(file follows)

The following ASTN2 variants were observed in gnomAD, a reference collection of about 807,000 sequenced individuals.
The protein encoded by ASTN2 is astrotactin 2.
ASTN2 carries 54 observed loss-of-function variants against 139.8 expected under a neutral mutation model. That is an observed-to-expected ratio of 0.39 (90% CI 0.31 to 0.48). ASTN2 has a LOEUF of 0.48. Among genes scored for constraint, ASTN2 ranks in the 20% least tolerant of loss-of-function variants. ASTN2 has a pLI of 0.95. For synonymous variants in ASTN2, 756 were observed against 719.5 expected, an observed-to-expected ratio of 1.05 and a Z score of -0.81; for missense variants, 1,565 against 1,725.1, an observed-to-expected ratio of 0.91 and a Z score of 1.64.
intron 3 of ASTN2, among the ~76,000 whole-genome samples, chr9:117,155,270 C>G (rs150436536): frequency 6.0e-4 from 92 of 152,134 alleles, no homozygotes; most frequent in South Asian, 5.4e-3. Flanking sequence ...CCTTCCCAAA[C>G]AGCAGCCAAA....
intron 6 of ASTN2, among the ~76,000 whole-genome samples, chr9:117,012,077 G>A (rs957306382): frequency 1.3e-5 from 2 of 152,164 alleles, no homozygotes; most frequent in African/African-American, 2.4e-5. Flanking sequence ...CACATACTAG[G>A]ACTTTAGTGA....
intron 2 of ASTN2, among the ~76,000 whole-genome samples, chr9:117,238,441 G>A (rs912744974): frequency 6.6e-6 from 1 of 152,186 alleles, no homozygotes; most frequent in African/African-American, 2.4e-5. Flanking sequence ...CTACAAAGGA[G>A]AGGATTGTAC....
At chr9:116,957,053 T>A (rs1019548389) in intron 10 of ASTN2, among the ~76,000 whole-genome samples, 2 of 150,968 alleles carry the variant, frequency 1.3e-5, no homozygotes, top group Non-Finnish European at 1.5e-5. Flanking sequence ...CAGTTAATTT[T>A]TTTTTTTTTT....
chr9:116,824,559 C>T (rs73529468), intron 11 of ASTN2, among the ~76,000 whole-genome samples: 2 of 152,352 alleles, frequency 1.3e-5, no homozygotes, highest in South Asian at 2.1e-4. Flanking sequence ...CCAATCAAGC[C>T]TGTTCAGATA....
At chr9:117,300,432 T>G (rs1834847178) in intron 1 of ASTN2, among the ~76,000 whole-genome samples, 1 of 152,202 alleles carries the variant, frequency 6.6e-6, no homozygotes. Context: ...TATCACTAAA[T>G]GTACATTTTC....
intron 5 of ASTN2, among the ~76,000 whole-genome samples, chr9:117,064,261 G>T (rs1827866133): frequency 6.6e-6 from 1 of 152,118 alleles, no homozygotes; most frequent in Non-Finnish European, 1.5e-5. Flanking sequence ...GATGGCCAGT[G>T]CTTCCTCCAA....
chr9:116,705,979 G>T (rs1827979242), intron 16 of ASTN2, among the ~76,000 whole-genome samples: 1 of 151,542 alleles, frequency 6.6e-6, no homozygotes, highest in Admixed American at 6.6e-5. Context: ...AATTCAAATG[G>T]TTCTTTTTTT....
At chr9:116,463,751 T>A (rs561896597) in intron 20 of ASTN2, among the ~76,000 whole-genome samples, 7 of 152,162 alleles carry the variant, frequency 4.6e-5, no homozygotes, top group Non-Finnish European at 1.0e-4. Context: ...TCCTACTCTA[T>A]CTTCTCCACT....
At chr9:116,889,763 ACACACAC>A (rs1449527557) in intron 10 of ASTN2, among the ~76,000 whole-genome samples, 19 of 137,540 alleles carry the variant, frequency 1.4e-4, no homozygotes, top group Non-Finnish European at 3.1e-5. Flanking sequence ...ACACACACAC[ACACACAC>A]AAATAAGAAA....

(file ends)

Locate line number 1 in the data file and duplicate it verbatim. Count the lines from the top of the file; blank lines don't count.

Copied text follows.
The following ASTN2 variants were observed in gnomAD, a reference collection of about 807,000 sequenced individuals.